Three recent studies examining the role of public pension debt on the overall fiscal health of states should be a warning shot for Americans entering retirement age. If you will be living on reduced income when you retire, as most Americans will, you'll likely want to avoid the states most likely to raise your taxes and cut your essential government services. As reports by J.P. Morgan, PricewaterhouseCoopers and the Mercatus Center show, that dubious distinction goes to Connecticut, Illinois, Kentucky and New Jersey.
Due largely to massive unfunded liabilities for public-employee pensions, the fiscal health of these four states doesn't look promising. If you live there now, you may want to plan on moving to better enjoy your golden years.
In its report, "The ARC and the Covenants," J.P. Morgan calculated what all 50 U.S states currently spend on bonds, pensions and obligations related to underfunded pensions and retiree health benefits, along with what they would be spending to cover those obligations over 30 years assuming a 6 percent rate of return on investments. Here's what the report's authors found:
• To fully cover its retirement and other debt obligations, Connecticut would have to either increase taxes by 14 percent, cut spending on government services (such as senior health insurance assistance, roads and community centers) by 14 percent, or raise workers' pension contributions by an astonishing 699 percent.
• In Illinois, policymakers would need to either hike taxes 17 percent, cut spending by 16 percent or increase worker contributions by 400 percent.
• Kentucky fares even worse. To pay its retirement obligations, the Bluegrass State would have to raise taxes by 20 percent, cut spending by 13 percent or raise worker contributions by 435 percent.
• But when it comes to taxpayers bearing the brunt of unfunded pension liabilities, those in New Jersey would get hammered the worst. To pay for its massive debt, the state would need to raise taxes 26 percent, cut spending by 24 percent or increase workers' contributions by 471 percent.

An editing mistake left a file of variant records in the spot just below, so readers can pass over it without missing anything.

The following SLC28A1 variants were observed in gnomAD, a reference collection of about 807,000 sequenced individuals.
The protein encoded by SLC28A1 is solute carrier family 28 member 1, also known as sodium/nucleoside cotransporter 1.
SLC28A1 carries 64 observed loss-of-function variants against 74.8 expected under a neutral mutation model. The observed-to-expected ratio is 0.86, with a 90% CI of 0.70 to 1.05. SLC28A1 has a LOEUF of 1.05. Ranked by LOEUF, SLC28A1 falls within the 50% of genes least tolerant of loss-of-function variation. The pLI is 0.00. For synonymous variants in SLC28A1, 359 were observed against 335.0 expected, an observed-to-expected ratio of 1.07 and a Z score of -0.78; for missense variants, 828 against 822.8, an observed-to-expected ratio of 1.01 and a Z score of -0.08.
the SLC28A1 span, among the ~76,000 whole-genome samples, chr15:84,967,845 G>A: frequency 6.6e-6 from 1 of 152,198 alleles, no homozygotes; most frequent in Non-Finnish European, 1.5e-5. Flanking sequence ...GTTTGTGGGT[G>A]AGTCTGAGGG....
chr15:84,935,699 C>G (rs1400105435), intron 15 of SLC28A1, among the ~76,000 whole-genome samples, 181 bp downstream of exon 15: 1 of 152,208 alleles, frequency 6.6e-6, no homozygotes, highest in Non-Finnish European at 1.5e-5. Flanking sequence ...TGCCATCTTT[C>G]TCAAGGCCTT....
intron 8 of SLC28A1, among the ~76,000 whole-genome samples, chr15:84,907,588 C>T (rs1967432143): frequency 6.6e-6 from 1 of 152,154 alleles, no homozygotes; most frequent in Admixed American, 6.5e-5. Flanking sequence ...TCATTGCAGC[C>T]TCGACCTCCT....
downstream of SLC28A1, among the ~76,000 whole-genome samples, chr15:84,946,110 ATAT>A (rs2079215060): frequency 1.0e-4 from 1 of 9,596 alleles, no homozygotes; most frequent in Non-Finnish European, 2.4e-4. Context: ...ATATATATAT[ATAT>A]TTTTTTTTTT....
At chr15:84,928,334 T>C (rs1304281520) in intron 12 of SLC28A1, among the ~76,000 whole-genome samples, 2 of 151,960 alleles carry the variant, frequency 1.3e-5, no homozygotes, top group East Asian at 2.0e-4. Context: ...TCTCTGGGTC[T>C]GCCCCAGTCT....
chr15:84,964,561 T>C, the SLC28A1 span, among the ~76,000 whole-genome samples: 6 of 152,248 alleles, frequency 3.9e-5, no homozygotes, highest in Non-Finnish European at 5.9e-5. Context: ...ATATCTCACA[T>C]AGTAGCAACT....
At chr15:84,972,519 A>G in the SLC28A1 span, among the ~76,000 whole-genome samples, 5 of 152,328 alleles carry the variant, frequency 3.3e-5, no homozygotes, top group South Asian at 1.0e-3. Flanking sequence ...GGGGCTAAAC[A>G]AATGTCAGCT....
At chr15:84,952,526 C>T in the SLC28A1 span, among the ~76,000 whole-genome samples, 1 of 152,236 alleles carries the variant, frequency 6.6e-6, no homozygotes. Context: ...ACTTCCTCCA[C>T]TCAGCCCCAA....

PricewaterhouseCoopers (PwC) approaches the problem from a different perspective. In its State Financial Position Index, PwC considers unfunded retirement obligations and aggregated financial assets less liabilities relative to the number of taxpayers and median household income for each state. The four worst states: again, Connecticut, Illinois, Kentucky and New Jersey.
Interestingly, the PwC report notes that the states with the greatest need to improve their relative financial position are experiencing negative net migration. In other words, people are voting with their feet, which of course will make the tax burden even greater on those who stay behind.
And a new study for the Mercatus Center at George Mason University, "Ranking the States by Fiscal Condition," examines states' financial health based on short- and long-term debt and other obligations, such as unfunded pensions and retiree healthcare benefits.
According to the study's authors, "Growing long-term obligations for pensions and healthcare benefits continue to strain the finances of state governments, highlighting the fact that state policymakers must be vigilant to consider both the short-term and the long-term consequences of their decisions." Those states most affected, largely due to the low amounts of cash they have on hand and their large debt obligations, are … Connecticut, Illinois, Kentucky and New Jersey, plus Massachusetts. It plays like a broken a record.
In all, U.S. public retirement programs are more than $1 trillion in debt, resulting in tremendous budget challenges for states and local governments. While it's easy to kick the can down the road for another day, if policymakers don't get control of the pension crisis now, taxpayers and public workers will be paying for it dearly instead of enjoying what should be the best years of their lives.